Those looking to track the origins of the NSA's sweeping surveillance programs would do well to check out a 2005 program in Iraq called the Real Time Regional Gateway. As the Washington Post explains, it was put into place by NSA chief Gen. Keith Alexander to collect data on every Iraqi text, phone call, and email it could access in a bid to curb roadside attacks on US troops. "Rather than look for a single needle in the haystack, his approach was, 'Let’s collect the whole haystack,'" says one former intel official. "Collect it all, tag it, store it. ... And whatever it is you want, you go searching for it." Sound familiar?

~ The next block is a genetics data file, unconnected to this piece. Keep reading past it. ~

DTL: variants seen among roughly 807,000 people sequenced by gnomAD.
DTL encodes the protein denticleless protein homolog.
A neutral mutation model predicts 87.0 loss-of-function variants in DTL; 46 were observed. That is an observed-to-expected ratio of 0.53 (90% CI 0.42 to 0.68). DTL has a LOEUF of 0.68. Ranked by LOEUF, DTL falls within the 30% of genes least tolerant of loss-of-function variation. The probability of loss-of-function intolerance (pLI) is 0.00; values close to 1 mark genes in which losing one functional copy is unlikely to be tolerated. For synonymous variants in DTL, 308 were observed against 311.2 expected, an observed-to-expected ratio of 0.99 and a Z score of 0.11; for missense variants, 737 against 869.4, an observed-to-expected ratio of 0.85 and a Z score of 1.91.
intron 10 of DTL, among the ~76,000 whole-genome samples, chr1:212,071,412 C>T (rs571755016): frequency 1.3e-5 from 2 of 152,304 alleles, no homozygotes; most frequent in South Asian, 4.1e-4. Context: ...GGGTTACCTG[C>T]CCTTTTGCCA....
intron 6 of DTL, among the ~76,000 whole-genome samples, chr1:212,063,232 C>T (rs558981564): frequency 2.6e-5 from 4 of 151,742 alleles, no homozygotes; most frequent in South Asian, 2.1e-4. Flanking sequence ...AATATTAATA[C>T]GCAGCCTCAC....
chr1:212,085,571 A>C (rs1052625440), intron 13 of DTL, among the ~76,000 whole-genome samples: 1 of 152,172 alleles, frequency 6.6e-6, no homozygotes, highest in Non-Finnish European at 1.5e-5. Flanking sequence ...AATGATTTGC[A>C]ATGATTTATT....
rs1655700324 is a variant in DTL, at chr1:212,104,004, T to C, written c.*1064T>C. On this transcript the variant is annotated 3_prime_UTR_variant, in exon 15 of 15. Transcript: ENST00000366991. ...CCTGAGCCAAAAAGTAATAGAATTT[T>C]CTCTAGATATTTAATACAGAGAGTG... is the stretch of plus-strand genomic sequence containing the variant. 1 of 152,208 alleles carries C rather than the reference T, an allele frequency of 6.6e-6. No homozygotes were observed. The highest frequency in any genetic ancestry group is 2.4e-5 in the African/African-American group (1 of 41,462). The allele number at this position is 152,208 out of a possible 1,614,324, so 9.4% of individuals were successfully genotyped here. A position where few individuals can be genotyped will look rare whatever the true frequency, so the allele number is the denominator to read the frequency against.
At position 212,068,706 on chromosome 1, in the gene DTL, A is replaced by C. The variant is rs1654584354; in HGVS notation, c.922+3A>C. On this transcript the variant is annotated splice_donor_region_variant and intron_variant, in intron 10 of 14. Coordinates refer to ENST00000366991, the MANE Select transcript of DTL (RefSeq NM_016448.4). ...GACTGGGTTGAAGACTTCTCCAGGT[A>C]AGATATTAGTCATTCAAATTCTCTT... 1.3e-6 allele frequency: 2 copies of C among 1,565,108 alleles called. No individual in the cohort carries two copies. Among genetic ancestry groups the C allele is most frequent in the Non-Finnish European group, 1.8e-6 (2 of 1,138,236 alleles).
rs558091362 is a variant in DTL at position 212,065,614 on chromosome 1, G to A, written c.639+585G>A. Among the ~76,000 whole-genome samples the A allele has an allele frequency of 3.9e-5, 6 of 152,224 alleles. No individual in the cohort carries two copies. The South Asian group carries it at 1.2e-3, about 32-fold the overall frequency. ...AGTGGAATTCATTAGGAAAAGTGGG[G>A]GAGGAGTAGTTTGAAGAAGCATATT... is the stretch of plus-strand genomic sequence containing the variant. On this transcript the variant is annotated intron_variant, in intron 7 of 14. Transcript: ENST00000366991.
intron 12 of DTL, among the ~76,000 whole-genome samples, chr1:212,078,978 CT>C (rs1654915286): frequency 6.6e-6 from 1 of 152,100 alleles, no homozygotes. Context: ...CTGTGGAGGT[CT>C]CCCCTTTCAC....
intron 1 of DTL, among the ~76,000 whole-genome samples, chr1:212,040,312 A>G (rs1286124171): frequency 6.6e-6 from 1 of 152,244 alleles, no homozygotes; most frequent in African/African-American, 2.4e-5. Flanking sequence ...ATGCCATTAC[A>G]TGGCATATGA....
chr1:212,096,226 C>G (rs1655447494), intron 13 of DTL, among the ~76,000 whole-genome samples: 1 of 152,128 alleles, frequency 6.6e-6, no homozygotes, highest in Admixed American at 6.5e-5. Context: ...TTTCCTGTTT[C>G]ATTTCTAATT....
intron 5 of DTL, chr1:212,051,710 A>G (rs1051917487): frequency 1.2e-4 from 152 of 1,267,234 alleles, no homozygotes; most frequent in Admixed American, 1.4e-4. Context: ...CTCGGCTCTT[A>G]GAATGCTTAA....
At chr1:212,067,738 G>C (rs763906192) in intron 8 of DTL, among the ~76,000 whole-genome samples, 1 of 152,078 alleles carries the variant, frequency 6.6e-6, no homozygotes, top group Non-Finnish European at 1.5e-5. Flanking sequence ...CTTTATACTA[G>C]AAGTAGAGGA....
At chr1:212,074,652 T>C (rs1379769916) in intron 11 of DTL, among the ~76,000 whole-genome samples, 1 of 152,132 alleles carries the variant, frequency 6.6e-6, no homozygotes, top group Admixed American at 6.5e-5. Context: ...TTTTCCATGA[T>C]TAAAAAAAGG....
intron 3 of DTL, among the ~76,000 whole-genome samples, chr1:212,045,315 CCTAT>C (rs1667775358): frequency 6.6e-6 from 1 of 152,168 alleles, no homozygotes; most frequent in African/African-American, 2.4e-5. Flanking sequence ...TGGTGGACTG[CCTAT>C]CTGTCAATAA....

The larger story profiles Alexander and depicts him as a brilliant (he has three master's, in electronic warfare, physics, and national security strategy) and aggressive advocate of using every technological and cyber-tool available to ward off US enemies. It includes quotes from his supporters who say it's for the greater good—for example, attacks on US troops did decline in Iraq after the RTRG program began—and from critics who say he's trampling on privacy. It also ends with a telling anecdote about his mindset: A few years ago, he met with bigwigs in the financial industry to warn them of cyber-attacks from abroad. His solution? Give the NSA full access to their sites to better protect them. As the Post tells it: "The NSA chief was offering to serve as an all-knowing virus-protection service, but at the cost, industry officials felt, of an unprecedented intrusion into the financial institutions' databases." They politely declined. Click for the full story.